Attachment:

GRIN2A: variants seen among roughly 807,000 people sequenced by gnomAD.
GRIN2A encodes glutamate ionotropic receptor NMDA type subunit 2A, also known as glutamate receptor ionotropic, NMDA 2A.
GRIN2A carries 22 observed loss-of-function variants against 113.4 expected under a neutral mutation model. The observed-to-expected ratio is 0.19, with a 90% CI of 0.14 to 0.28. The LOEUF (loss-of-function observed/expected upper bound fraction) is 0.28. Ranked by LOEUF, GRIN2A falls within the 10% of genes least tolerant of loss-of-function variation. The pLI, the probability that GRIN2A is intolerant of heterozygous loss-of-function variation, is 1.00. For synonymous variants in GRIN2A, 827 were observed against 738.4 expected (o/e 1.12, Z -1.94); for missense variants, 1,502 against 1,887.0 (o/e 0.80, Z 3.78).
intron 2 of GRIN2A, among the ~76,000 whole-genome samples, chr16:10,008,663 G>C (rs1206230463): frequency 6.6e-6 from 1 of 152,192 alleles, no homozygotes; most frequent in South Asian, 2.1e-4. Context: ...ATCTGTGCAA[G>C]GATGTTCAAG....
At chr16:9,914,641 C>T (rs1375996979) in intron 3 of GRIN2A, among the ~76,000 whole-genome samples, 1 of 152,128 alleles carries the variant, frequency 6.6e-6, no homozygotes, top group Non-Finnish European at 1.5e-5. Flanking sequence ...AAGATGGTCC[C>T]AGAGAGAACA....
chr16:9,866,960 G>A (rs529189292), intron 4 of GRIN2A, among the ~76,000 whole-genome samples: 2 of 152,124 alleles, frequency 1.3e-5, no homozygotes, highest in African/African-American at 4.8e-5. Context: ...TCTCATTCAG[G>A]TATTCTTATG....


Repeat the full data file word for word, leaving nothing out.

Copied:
GRIN2A: variants seen among roughly 807,000 people sequenced by gnomAD.
GRIN2A encodes glutamate ionotropic receptor NMDA type subunit 2A, also known as glutamate receptor ionotropic, NMDA 2A.
GRIN2A carries 22 observed loss-of-function variants against 113.4 expected under a neutral mutation model. The observed-to-expected ratio is 0.19, with a 90% CI of 0.14 to 0.28. The LOEUF (loss-of-function observed/expected upper bound fraction) is 0.28. Ranked by LOEUF, GRIN2A falls within the 10% of genes least tolerant of loss-of-function variation. The pLI, the probability that GRIN2A is intolerant of heterozygous loss-of-function variation, is 1.00. For synonymous variants in GRIN2A, 827 were observed against 738.4 expected (o/e 1.12, Z -1.94); for missense variants, 1,502 against 1,887.0 (o/e 0.80, Z 3.78).
intron 2 of GRIN2A, among the ~76,000 whole-genome samples, chr16:10,008,663 G>C (rs1206230463): frequency 6.6e-6 from 1 of 152,192 alleles, no homozygotes; most frequent in South Asian, 2.1e-4. Context: ...ATCTGTGCAA[G>C]GATGTTCAAG....
At chr16:9,914,641 C>T (rs1375996979) in intron 3 of GRIN2A, among the ~76,000 whole-genome samples, 1 of 152,128 alleles carries the variant, frequency 6.6e-6, no homozygotes, top group Non-Finnish European at 1.5e-5. Flanking sequence ...AAGATGGTCC[C>T]AGAGAGAACA....
chr16:9,866,960 G>A (rs529189292), intron 4 of GRIN2A, among the ~76,000 whole-genome samples: 2 of 152,124 alleles, frequency 1.3e-5, no homozygotes, highest in African/African-American at 4.8e-5. Context: ...TCTCATTCAG[G>A]TATTCTTATG....